Hannah Safford, BHDS '05
Posted March 24, 2011
One fencing lesson at the Renaissance Faire was all it took for Hannah Safford to fall in love with the sport.
After she tried it for the first time as a sixth grader, Hannah started fencing regularly at the Golden Gate Fencing Center in San Francisco. Hannah graduated from Brandeis Hillel Day School in 2005, and she continued competing during her four years at Lowell High School.
She now fences for Princeton University’s varsity women’s epee fencing team, which won the Ivy League championships for the first time in a decade this year. At school, she trains five days a week in addition to university meets, and she continues to compete in non-collegiate national and international tournaments. In addition, for the past two years, she has been an alternate to the U.S. National Team to the Junior World Championships.
Yet despite an impressive fencing career that has taken her all over the country and to Ireland, Slovakia, Germany, Austria, and Sweden, Hannah has never strayed far from her Brandeis Hillel Day School roots. Her experiences at Brandeis, and the relationship with Judaism that she cultivated during her time here, continue to be significant and relevant to her life. Hannah feels that the unconditional support she received at Brandeis from faculty, students, and parents continues to affect her tremendously. “I think the support I got from the BHDS community through elementary and middle school gave me the confidence and ability to take initiative that helped me to be successful in high school and college,” Hannah said. Her experiences at Brandeis also instilled a sense of community and self-identity in her, and encouraged her to become involved with the Center for Jewish Life at Princeton. Hannah said that “at college, everyone encourages you to try new things and to meet new people, which is excellent, but also exhausting. On Friday nights and on holidays, I enjoy going to the CJL because of the sense of familiarity. My time at Brandeis made me feel very comfortable around Judaism, and I value that comfort at Princeton.”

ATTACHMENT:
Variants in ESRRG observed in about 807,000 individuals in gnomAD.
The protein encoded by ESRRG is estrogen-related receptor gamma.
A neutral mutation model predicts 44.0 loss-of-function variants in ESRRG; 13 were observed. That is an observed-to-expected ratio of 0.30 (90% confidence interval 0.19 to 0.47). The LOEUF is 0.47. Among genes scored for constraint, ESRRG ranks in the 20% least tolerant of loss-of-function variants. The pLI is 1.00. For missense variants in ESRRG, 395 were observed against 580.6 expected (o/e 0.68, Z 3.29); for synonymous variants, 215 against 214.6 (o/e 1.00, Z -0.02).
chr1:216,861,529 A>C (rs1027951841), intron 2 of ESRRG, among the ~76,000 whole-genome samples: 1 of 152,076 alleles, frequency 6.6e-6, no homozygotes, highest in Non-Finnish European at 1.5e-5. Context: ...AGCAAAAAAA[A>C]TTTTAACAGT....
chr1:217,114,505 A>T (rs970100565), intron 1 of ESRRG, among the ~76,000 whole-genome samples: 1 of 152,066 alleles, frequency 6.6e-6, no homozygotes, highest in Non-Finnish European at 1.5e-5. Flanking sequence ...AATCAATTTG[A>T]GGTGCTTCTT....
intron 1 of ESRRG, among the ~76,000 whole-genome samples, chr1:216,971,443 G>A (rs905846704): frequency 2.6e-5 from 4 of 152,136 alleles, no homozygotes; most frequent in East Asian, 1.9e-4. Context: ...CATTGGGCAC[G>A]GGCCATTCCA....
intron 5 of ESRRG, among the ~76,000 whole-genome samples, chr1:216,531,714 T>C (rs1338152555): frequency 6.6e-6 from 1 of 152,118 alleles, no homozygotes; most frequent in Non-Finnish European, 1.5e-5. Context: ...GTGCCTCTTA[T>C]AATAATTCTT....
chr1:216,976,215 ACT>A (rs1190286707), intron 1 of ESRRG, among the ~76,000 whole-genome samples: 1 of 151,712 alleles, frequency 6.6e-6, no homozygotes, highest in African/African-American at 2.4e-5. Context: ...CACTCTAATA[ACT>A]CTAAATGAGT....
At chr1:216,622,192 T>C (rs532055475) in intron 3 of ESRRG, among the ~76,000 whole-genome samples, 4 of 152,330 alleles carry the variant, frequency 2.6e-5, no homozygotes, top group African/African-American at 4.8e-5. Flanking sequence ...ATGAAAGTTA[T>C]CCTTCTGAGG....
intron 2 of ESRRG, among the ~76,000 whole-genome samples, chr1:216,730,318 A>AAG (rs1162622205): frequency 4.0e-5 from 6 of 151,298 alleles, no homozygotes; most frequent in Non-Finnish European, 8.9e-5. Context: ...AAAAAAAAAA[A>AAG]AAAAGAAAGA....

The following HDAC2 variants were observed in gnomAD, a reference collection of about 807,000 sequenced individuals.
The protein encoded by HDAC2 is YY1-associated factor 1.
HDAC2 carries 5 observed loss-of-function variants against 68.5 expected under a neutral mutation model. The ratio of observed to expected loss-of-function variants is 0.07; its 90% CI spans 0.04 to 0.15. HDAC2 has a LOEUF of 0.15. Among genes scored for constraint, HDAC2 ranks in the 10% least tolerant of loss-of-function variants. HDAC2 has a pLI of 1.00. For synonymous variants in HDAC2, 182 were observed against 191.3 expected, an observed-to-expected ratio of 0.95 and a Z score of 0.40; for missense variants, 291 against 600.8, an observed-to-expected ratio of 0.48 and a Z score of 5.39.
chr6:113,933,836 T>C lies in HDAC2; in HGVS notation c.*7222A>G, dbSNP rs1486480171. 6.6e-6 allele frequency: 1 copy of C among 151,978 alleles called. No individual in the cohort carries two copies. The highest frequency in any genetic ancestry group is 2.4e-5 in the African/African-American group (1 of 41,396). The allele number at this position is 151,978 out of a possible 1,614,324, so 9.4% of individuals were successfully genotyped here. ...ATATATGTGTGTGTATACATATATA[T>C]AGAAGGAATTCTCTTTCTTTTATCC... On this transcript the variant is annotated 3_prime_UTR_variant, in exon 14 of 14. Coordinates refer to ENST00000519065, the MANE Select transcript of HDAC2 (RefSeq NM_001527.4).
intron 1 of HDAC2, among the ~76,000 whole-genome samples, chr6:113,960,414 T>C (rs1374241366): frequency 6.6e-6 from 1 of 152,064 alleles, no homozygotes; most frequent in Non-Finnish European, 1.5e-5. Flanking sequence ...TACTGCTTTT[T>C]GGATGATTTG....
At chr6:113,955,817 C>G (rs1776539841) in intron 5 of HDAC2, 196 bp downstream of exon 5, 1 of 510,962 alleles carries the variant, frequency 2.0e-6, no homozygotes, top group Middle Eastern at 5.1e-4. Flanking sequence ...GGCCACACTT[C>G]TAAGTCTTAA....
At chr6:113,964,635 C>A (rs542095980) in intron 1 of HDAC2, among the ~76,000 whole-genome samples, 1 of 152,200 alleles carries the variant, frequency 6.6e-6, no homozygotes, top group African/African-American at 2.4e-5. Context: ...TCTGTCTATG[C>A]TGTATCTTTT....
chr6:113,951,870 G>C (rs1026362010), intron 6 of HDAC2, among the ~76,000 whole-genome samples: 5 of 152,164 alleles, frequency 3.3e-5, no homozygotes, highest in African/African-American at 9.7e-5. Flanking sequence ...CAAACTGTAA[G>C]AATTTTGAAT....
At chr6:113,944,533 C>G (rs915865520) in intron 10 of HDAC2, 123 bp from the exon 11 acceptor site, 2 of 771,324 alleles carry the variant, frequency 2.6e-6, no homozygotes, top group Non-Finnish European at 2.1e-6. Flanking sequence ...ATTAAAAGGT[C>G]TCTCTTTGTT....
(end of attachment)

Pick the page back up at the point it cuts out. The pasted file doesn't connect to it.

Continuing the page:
Hannah’s passions for fencing and Judaism united recently during a powerful and memorable experience. In 2009, she competed on the silver-medalist women’s epee fencing team at the 18th Maccabiah Games in Israel. Although she had been to Israel before, this trip offered her a whole new perspective. “It was really amazing seeing so many Jewish athletes from around the world walk into Ramat Gan stadium in Tel Aviv, and it was amazing to see how excited the country was for an event that gets so little publicity outside of Israel,” Hannah said. “Everywhere you went there were flags for the Games, and any time you told a shop owner or food vendor that you were a Maccabiah athlete they got really excited and happy for you. At Brandeis and at my synagogue, I focused a lot on experiencing Israel as a Jew. It was interesting to experience Israel as an athlete.” Hannah’s experience competing in Israel allowed her to see the country and her relationship to the Jewish community in a new light.
Outside of fencing, Hannah continues to pursue an active academic, social, and extracurricular life both at Princeton and during her summers back in San Francisco. In school, she studies chemical engineering with a concentration on energy and the environment. Although she is not sure where her career path will take her, she wants to find a job related to environment and wildlife preservation in the future. Hannah’s love for animals has manifested itself in two particular extracurricular opportunities. She was one of the founders of the Bee Team—a beekeeping club—at Princeton, and she will be an administrator in the club this year. She has also been a volunteer at the San Francisco Zoo since the 6th grade. This summer, she returned to the Zoo as a paid intern for the Talk on the Wild Side Program. When she is not teaching others about animals during her summer vacations, Hannah enjoys spending time with her Brandeis friends. “The friends I made at Brandeis truly feel like family, in the sense that I can not see them for six months or a year and then feel totally natural and excited to reunite with them,” Hannah said. “I’m more excited to see my Brandeis friends when I come home for college breaks than I am to see my high school friends.”